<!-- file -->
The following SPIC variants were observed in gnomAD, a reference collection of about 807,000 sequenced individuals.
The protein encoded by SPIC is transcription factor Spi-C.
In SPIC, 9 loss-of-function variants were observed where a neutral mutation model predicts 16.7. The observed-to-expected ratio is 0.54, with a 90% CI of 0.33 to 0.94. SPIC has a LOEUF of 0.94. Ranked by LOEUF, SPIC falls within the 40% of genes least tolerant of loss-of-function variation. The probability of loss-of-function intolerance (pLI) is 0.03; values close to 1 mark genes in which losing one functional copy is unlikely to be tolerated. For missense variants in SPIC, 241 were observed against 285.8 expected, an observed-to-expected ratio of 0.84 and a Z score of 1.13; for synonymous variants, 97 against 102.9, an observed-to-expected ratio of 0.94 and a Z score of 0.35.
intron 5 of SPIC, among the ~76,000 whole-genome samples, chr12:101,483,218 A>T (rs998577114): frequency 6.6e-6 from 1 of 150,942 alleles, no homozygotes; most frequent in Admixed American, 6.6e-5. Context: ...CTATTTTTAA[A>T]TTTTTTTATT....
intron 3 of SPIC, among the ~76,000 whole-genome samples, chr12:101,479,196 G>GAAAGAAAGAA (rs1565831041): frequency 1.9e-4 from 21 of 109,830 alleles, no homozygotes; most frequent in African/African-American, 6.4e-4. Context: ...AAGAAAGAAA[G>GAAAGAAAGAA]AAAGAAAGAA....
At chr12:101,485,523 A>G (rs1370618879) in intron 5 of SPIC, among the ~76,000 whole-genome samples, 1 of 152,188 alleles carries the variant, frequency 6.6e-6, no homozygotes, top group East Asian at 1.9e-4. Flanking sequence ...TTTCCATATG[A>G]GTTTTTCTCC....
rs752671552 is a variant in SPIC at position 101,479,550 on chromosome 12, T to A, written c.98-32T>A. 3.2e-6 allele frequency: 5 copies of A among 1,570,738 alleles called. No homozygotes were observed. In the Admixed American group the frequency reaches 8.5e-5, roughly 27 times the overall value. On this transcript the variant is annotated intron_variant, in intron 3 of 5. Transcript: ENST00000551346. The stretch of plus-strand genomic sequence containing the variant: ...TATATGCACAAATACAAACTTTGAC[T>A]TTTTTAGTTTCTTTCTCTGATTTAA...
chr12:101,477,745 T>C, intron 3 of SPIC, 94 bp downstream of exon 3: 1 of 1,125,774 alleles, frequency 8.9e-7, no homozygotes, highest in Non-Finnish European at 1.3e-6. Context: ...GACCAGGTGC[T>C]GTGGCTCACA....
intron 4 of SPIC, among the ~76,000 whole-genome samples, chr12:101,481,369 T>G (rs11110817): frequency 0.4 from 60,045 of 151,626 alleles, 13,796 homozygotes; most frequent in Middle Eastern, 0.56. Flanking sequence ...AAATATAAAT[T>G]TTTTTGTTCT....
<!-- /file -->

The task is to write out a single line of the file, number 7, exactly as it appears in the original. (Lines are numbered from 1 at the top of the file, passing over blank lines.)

rs752671552 is a variant in SPIC at position 101,479,550 on chromosome 12, T to A, written c.98-32T>A. 3.2e-6 allele frequency: 5 copies of A among 1,570,738 alleles called. No homozygotes were observed. In the Admixed American group the frequency reaches 8.5e-5, roughly 27 times the overall value. On this transcript the variant is annotated intron_variant, in intron 3 of 5. Transcript: ENST00000551346. The stretch of plus-strand genomic sequence containing the variant: ...TATATGCACAAATACAAACTTTGAC[T>A]TTTTTAGTTTCTTTCTCTGATTTAA...